Greta Thunberg arrest
Thunberg denounced 'spineless politicians' as she participated in a London protest AFP

UK police on Wednesday charged Swedish climate campaigner Greta Thunberg with a public order offence, following her detention at a protest outside an annual gathering of energy industry figures in London.

The 20-year-old activist -- a key face of the movement to fight climate change -- was among 26 people charged by the capital's Metropolitan Police, after she was held at Tuesday's demonstration.

Thunberg was charged with "failing to comply with a condition" imposed under Britain's Public Order Act dealing with public assemblies. She was released on bail and is due back in court on November 15.

Thunberg was on Tuesday taken away by two police officers and put into the back of a police van outside the Energy Intelligence Forum, after she had joined a mass protest there.

Several hundred protesters had gathered outside the InterContinental London Park Lane hotel during the "Oily Money Out" demonstration, organised by pressure groups Fossil Free London and Greenpeace, blocking all entrances to the venue.

Prior to her arrest, Thunberg had criticised "closed door" agreements struck between politicians and representatives of the oil and gas industry.

London police said they imposed "conditions to prevent disruption to the public" after officers arrived at the protest, which were then breached and prompted the arrests.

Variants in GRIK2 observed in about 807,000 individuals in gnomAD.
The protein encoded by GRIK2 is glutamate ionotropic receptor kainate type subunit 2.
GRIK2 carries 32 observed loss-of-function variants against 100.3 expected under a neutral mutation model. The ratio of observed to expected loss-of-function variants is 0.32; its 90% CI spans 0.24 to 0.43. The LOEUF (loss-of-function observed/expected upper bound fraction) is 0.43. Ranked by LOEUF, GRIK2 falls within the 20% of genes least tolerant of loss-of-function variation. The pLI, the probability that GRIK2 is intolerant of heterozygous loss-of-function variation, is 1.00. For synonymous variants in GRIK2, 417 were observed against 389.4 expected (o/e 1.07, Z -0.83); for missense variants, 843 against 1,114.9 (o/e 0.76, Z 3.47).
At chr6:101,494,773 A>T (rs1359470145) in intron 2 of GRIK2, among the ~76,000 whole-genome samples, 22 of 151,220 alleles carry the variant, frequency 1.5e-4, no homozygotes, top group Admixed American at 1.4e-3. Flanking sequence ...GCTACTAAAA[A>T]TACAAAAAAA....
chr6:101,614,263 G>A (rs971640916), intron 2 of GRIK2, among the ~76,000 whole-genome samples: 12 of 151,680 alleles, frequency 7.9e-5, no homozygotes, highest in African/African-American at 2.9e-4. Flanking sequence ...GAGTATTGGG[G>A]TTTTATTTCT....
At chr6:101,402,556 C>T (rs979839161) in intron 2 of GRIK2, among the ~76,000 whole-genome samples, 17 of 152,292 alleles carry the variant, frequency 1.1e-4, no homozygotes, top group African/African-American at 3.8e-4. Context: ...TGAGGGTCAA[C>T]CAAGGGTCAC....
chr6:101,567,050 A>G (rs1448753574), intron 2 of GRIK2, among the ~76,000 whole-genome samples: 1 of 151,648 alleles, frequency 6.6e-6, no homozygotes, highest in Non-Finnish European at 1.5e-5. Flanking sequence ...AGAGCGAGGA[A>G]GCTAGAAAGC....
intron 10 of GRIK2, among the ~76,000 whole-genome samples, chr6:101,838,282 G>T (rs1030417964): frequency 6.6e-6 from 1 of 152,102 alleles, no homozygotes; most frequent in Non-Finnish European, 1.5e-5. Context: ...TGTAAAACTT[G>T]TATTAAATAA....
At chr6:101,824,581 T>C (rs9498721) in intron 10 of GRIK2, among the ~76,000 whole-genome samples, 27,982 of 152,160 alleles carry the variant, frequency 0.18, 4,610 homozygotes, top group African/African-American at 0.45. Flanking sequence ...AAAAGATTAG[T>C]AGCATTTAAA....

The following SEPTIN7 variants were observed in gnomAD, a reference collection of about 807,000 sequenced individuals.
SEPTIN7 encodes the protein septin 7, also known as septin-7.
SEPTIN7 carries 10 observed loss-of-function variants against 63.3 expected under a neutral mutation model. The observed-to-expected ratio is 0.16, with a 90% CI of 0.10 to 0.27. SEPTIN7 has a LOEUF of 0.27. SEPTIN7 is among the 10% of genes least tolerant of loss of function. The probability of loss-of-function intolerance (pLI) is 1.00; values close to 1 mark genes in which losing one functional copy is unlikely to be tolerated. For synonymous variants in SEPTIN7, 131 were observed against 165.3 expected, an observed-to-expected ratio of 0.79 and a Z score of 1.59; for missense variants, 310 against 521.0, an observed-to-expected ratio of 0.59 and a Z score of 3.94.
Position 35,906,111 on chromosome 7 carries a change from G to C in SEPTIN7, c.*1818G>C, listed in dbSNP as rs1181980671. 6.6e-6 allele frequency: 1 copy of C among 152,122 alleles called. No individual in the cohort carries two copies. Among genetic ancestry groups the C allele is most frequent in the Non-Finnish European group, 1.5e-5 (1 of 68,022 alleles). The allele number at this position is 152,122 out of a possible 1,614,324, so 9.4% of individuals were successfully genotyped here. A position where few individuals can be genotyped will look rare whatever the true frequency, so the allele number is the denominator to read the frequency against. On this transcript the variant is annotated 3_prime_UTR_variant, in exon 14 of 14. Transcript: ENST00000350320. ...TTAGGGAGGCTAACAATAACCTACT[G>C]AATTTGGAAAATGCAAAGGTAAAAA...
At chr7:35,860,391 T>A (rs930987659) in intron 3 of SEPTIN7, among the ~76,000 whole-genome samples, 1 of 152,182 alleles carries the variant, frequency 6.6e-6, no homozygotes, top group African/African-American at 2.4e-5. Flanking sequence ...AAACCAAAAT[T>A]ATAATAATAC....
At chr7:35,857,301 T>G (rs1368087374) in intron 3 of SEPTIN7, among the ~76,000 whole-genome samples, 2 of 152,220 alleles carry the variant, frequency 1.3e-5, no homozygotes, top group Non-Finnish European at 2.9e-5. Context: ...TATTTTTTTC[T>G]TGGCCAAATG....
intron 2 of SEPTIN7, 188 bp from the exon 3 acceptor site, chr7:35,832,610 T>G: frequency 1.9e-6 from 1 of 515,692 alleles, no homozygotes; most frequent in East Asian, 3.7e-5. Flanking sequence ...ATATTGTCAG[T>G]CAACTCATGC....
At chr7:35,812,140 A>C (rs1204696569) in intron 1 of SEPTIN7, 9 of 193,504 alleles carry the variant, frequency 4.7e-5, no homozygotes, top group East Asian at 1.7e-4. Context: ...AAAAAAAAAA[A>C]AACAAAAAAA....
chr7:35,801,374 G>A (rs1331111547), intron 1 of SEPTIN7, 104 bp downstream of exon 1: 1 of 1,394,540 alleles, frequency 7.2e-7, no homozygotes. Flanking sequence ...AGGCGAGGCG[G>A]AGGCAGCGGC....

"The protesters were asked to move from the road onto the pavement, which would enable them to continue with their demonstration without breaching the conditions," a police statement said.

Thunberg, who started the so-called "School Strike for Climate" movement as a teenager, was fined by a court in Sweden earlier this month.

It followed the court convicting her for having resisted arrest during a July protest that blocked traffic.

Climate protesters, meanwhile, on Wednesday staged a demonstration outside the offices of Total Energies UK in London.

Josie, an organiser with Fossil Free London, told AFP the company was "funding the East African Crude Oil Pipeline" (EACOP) and that their CEO had been at the meeting of energy industry figures where Thunberg was detained.

She said he had been "meeting with bankers, politicians and other oil execs to decide how they can build new fossil fuel infrastructure.

"We think this is unacceptable in a time of climate emergency and we're determined to stop EACOP," said the activist who did not give her full name.

Another activist, Lauren MacDonald, from the Stop Rosebank group which campaigns against oil and gas production in Britain's largest undeveloped field, joined around 100 protesters outside the forum.

There could not be "any new oil and gas projects if we're going to have a safe livable future", she said.

Britain last month authorised oil and gas production in the Rosebank field in the North Sea off the coast of Scotland.

Commenting on the decision, Equinor CEO Anders Opedal said it had been a "difficult decision".

"I spent a lot of time thinking about it. But in the end, I think this is the right decision for the UK and for Equinor," he told the forum.

Thunberg had criticised 'closed door' agreements struck between politicians and oil and gas industry representatives AFP